Before anyone buys one of these pups-- I strongly advise you to read this USDA report http://www.nal.usda.gov/awic/newsletters/v5n4/5n4wille.htm

They do NOT make good house pets and if not fully controlled can be dangerous...  These are high mantainance animals

I read it.  Maybe you should actually read it.  It doesn't support your claims.  Lots of interesting information though... but those things are just too big for my liking... unless its a wolf/Chiuaua hybrid.  8)
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allwaysfishin

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Dangerous dog breed discussion
« Reply #9 on: February 10, 2008, 06:48:53 PM »

In my experience , which i don't need to get into here, 90% or better of the vicious or unstable dogs out therre.... are "created" by thier owners neglect
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testo84

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Dangerous dog breed discussion
« Reply #10 on: February 10, 2008, 07:34:45 PM »

In my experience , which i don't need to get into here, 90% or better of the vicious or unstable dogs out therre.... are "created" by thier owners neglect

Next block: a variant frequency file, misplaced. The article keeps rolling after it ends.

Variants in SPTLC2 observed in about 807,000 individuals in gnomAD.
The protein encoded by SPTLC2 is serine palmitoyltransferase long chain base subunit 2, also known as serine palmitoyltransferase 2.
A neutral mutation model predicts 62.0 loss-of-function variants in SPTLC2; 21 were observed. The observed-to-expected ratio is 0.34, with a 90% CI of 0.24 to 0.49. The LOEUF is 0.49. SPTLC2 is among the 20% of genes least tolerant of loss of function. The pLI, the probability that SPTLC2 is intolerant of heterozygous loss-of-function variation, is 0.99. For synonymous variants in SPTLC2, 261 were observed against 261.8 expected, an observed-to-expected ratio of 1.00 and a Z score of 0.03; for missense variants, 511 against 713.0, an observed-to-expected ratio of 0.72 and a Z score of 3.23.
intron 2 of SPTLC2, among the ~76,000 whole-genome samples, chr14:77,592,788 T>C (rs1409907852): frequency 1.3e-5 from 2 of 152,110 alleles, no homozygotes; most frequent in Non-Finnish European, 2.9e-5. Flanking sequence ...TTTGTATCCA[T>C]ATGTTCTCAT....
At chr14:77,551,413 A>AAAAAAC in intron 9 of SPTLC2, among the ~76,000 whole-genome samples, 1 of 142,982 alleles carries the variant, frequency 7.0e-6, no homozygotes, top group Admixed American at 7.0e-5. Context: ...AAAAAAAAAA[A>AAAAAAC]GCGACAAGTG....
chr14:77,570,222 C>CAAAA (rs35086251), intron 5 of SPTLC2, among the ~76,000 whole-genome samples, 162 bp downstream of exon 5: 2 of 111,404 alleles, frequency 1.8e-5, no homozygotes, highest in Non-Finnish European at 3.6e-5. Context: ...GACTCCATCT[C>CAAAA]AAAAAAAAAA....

couldnt agree more

Oh come on I've lived with 13 dogs from Bali , Indonesia to guard my dad's warehouse before which are BEAST on their nature ( coz their parents live in jungle ) , but its all about their how their owner nurtures them

I can say even chi hua hua can bite someone if they arent well nurtured

nurture > nature
« Last Edit: February 10, 2008, 07:36:28 PM by testo84 »
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Schenley

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Dangerous dog breed discussion
« Reply #11 on: February 11, 2008, 08:59:17 AM »

Yup-- its all about the owners...Right?      BS. Ever heard of a little thing about genetics or inate behavior???   I will agree that MANY owners ARE a problem-- especially the deniers that wont face reality about just how aggressive theses and some other breeds can be.